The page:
Timothy and the Mysterious Forest

Developer: Kibou Entertainment
Publisher: Gamera Interactive
Steam / Switch / PlayStation

Reviewed on PC (Steam)

The Bottom Line: Lacking in both the gameplay and story departments, this action-adventure is likely to disappoint all but the most masochistic of gamers.

Bad games are frustrating. But you know what’s worse than an ordinary bad game? It’s a game that lays out an intriguing premise and then fails to execute it in spectacular fashion. A game that hooks you with childhood nostalgia only to pull a bait and switch. A game that you keep playing because you’re hoping for a revelation that, in the end, never arrives.

What’s got me in such a dour mood? Either I got out of bed on the wrong side this morning or I just finished playing Timothy and the Mysterious Forest.

Timothy and the Mysterious Forest paints itself as a fourth-wall-breaking adventure that borrows elements from The Legend of Zelda: Link’s Awakening. In reality, it’s a jank-a-thon with underbaked writing, and the only thing it shares with Link’s Awakening is the tileset.

Seeing Green

The game starts out innocently enough. You step into the shoes of Timothy, a young lad whose grandpa has fallen ill. Despite his grandfather’s protestations, the ever-resourceful Timothy sets out into the mysterious forest to find a magic healing mushroom. On this quest he travels to faraway lands and interacts with a cast of shady characters.

Visual comparisons between Timothy and the Mysterious Forest and Link’s Awakening are impossible to avoid. It’s not just the shared 2-bit green color palette; Timothy outright copies several tiles and sprites from classic handheld Zelda. If Timothy were a successful tribute or parody, I would be willing to overlook this offense. Given how far Timothy’s gameplay and tone diverge from Zelda, however, the cribbing of elements from Link’s Awakening feels more like a means of attracting nostalgic gamers that a serious artistic choice.

“If I squint it looks kind of like Link’s Awakening. … what do you mean I’m not squinting?”

That’s not to say there are no similarities. Both games let you wander around a world map, collecting items and solving puzzles. But whereas Link doesn’t shy away from violence, Timothy is largely a pacifist. Bearing no arms of his own, he relies on stealth and environmental weapons like pots and rocks to stymie his foes. He is also very fragile, always dying after only a single hit. While these characteristics sound fine and well in principle, in practice they make for an overly frustrating experience.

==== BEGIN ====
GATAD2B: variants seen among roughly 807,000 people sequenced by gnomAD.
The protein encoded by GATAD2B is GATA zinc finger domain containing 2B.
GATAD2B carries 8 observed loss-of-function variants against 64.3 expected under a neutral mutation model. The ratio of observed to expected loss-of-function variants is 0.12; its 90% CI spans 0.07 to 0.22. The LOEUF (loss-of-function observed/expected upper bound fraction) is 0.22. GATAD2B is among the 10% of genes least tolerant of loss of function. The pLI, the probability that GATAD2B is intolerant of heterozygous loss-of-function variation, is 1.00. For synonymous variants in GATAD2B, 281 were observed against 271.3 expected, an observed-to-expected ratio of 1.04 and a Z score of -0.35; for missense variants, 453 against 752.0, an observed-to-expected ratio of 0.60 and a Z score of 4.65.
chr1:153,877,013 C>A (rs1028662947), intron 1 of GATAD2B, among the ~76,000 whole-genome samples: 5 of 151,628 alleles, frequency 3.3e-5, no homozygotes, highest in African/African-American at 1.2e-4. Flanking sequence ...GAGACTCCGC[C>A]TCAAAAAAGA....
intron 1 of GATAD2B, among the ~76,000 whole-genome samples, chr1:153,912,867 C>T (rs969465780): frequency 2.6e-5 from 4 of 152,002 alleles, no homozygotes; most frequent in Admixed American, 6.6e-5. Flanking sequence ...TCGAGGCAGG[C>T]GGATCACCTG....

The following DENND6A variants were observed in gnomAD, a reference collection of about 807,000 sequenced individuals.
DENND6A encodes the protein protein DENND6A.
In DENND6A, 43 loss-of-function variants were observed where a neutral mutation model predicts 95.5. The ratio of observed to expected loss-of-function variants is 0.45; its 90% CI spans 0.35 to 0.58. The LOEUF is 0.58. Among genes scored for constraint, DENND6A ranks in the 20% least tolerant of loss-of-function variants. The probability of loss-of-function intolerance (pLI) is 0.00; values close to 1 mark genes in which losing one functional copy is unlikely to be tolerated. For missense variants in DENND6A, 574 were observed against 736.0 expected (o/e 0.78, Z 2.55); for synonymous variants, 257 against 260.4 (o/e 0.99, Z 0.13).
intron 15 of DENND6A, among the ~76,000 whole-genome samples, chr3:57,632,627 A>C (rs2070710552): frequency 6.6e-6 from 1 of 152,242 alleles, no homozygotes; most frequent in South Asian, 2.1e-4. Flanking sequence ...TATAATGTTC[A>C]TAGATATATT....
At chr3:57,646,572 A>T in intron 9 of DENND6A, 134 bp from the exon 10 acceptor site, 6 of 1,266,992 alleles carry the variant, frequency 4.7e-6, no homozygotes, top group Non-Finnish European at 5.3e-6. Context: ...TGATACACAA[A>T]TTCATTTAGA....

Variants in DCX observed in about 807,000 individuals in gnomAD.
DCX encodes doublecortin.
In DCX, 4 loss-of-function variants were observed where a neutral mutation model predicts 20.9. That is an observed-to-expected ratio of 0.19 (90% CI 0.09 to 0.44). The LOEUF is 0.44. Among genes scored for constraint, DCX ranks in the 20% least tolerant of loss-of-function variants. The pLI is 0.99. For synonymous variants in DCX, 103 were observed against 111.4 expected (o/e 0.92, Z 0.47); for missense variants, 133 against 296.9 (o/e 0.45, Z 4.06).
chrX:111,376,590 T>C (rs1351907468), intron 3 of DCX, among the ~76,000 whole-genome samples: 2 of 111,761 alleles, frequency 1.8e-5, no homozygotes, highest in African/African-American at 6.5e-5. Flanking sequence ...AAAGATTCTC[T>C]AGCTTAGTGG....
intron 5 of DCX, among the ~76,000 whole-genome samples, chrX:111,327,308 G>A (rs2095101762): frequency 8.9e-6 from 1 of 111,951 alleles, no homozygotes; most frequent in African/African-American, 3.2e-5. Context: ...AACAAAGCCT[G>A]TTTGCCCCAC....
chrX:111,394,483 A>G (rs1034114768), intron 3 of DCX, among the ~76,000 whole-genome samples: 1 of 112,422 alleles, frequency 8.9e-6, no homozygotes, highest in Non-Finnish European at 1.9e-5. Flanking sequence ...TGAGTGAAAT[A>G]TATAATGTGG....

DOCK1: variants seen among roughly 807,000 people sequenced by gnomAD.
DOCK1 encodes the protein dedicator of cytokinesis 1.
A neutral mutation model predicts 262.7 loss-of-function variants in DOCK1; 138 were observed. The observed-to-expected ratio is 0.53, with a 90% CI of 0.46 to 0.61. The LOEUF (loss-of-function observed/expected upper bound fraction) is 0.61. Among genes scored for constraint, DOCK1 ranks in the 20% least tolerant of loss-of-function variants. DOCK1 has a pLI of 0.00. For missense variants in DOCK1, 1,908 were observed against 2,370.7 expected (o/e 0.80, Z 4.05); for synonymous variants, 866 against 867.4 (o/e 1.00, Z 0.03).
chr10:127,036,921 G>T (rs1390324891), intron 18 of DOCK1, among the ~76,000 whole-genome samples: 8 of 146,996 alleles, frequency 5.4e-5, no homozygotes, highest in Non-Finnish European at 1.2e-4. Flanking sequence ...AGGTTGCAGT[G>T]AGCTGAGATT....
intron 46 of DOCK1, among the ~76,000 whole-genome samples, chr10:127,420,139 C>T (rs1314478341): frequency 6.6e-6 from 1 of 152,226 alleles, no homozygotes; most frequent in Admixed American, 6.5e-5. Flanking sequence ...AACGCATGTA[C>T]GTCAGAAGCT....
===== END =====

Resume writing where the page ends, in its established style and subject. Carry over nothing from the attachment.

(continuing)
A Link to the Glass

The crux of the game’s problems lie under the hood. Timothy and the Mysterious Forest is powered by RPGMaker MV, an engine with wonky collision detection and other peculiarities that make it a poor fit for action-driven games. While it’s possible to make a serviceable action-adventure in RPGMaker, as demonstrated by games like Buffet Knight, doing so requires accepting certain compromises, such as focusing on the story and providing the player with ample health.

Timothy and the Mysterious Forest veers sharply in the opposite direction. Poor Timothy is more fragile than Mr. Glass: One hit and he’s a goner. Touch a spike? Dead. Graze an enemy? Dead. Toss a pot a smidgen too late? Dead dead dead. The poor collision detection and one-hit deaths make for a dire combination, and the frustration is amplified by a stealth system that’s less of a system and more of a coin toss. Sometimes enemies seem to have eyes in the back of their heads; other times you’ll walk right past their noses without alerting them . Generally, I found it best just to sprint through areas while clutching my lucky life-size replica Triforce and praying to Naryu for mercy.


And don’t get me started on the bosses. Though their difficulty is in line with the rest of the game, the boss fights still unnerved me with their awkward pacing. In a thoughtfully designed boss battle, you’ll likely die a few times (or more) as you study the boss’s patterns and develop a plan of attack. Technically this is what happens in Timothy as well, but because death always strikes so abruptly the rhythmic flow of die-rinse-repeat can’t properly develop.

Meta-Narrative (Sans Narrative)

Maybe, just maybe, all the aforementioned gameplay issues could be forgiven if Timothy had a story worth telling. Yet here again the disappointment continues. While the game hints at having a meta-narrative, this never evolves beyond occasionally telling the player “So many Timothies died before you” or “Haha this is only a game!” It’s uninspired at best and insulting at worst.

Best Friends Forever

In spite of all these issues, I willed myself to completely finish the game, uncovering all four endings. Let’s just say that if you reach the first or second ending and have had enough, you may as well call it a wrap, because the second act is more of the same. Worse yet, the execution of the fourth and final ending only served to remind me that I’d wasted precious hours of my life playing this game. Under better circumstances it might’ve come off as funny, but after suffering through Timothy and the Mysterious Forest I was in no laughing mood.

Does the game have any redeeming qualities? Well, if you’re a masochist, or are simply looking for a difficult action-adventure game to pass a few hours with, you might eke some enjoyment out of it. But honestly, with so many excellent games available, particularly in this genre, Timothy and the Mysterious Forest is an easy skip. Give it a pass and satisfy your classic Zelda cravings elsewhere.

Rating: 49 of 100 Pixels